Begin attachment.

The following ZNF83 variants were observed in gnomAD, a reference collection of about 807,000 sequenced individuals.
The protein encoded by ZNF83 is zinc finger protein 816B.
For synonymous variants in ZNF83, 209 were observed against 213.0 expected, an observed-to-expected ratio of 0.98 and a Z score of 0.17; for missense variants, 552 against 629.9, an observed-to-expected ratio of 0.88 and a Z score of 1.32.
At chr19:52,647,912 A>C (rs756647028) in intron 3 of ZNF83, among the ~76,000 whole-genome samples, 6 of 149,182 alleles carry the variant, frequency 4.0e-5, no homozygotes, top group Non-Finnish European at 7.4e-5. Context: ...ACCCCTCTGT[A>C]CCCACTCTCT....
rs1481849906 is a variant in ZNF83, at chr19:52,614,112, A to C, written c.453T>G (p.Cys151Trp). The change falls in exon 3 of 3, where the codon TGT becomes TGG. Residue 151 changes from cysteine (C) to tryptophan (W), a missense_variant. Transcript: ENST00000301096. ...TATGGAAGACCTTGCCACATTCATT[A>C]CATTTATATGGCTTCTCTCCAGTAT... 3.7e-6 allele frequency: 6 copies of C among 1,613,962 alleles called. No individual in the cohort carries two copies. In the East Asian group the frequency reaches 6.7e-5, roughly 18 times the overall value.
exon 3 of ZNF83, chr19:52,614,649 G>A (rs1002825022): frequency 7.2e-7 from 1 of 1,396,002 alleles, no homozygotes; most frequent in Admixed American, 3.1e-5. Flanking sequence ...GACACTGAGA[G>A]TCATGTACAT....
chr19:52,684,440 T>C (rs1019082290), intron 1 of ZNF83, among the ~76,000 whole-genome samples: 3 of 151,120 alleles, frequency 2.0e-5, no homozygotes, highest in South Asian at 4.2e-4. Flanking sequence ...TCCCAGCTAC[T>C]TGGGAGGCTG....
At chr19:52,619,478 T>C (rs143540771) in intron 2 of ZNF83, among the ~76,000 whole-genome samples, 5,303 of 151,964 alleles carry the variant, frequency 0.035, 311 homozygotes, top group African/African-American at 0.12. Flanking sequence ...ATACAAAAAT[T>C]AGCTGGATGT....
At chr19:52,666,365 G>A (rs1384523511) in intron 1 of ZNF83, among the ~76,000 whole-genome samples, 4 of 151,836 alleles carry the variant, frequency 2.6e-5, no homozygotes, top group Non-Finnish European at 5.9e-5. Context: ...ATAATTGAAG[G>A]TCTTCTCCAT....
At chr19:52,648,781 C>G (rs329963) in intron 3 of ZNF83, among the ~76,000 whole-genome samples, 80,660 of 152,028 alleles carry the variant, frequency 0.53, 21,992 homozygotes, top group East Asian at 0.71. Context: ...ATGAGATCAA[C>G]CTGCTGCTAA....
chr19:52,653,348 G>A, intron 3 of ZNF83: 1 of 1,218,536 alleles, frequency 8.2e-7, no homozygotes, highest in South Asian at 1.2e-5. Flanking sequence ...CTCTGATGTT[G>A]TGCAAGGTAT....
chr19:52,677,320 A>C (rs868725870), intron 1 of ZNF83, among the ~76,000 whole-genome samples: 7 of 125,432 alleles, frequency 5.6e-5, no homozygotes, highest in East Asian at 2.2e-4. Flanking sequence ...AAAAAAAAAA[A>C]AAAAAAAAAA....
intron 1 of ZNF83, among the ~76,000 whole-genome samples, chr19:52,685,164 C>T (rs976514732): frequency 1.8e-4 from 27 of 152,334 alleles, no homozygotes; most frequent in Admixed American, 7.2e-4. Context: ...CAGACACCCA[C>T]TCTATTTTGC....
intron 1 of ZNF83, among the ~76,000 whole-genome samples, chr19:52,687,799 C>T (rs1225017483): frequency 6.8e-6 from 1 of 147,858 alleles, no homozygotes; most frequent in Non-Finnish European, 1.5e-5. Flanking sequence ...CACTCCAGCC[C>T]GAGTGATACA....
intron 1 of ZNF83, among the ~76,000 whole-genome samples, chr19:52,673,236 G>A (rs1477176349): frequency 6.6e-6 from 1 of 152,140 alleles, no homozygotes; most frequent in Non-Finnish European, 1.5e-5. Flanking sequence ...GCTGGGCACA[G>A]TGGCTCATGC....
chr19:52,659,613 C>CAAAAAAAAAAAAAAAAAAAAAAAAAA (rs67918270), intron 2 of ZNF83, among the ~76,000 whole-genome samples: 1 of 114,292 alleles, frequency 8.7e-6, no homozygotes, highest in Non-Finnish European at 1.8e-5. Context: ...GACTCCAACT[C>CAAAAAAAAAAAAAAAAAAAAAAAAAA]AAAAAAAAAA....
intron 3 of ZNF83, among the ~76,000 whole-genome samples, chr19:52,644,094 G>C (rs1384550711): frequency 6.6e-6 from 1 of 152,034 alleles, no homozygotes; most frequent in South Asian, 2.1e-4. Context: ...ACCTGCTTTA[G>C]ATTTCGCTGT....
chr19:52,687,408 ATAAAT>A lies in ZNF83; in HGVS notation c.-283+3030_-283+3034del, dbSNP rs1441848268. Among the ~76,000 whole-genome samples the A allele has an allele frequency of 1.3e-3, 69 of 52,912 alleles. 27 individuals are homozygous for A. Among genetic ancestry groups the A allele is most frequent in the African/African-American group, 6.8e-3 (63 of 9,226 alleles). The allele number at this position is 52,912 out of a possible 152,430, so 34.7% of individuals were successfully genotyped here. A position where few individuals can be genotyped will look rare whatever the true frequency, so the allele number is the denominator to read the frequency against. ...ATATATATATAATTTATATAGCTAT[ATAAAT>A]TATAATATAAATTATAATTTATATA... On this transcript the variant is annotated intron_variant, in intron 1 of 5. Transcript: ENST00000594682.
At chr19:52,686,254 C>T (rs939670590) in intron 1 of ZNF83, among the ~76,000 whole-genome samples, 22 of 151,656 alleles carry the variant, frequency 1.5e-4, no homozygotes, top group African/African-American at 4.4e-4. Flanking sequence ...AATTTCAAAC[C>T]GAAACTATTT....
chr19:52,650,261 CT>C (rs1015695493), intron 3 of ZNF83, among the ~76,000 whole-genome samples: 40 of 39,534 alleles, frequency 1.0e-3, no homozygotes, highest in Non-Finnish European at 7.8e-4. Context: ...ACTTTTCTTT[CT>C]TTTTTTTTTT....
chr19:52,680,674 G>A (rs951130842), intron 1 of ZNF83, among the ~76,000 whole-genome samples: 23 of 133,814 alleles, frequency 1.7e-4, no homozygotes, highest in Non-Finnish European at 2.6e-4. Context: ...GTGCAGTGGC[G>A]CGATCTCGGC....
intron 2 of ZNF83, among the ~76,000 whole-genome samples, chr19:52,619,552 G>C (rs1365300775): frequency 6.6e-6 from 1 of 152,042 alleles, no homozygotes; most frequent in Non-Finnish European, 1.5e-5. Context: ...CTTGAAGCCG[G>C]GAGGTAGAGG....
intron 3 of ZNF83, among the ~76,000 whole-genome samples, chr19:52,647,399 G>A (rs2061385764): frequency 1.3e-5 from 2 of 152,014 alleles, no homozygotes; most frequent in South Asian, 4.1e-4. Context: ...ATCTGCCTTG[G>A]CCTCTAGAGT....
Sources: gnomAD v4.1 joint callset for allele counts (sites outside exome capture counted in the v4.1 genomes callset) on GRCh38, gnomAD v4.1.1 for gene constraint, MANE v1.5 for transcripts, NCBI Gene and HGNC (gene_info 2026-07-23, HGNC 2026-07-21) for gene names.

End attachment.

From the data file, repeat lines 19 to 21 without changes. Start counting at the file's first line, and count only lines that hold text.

At chr19:52,686,254 C>T (rs939670590) in intron 1 of ZNF83, among the ~76,000 whole-genome samples, 22 of 151,656 alleles carry the variant, frequency 1.5e-4, no homozygotes, top group African/African-American at 4.4e-4. Flanking sequence ...AATTTCAAAC[C>T]GAAACTATTT....
chr19:52,650,261 CT>C (rs1015695493), intron 3 of ZNF83, among the ~76,000 whole-genome samples: 40 of 39,534 alleles, frequency 1.0e-3, no homozygotes, highest in Non-Finnish European at 7.8e-4. Context: ...ACTTTTCTTT[CT>C]TTTTTTTTTT....
chr19:52,680,674 G>A (rs951130842), intron 1 of ZNF83, among the ~76,000 whole-genome samples: 23 of 133,814 alleles, frequency 1.7e-4, no homozygotes, highest in Non-Finnish European at 2.6e-4. Context: ...GTGCAGTGGC[G>A]CGATCTCGGC....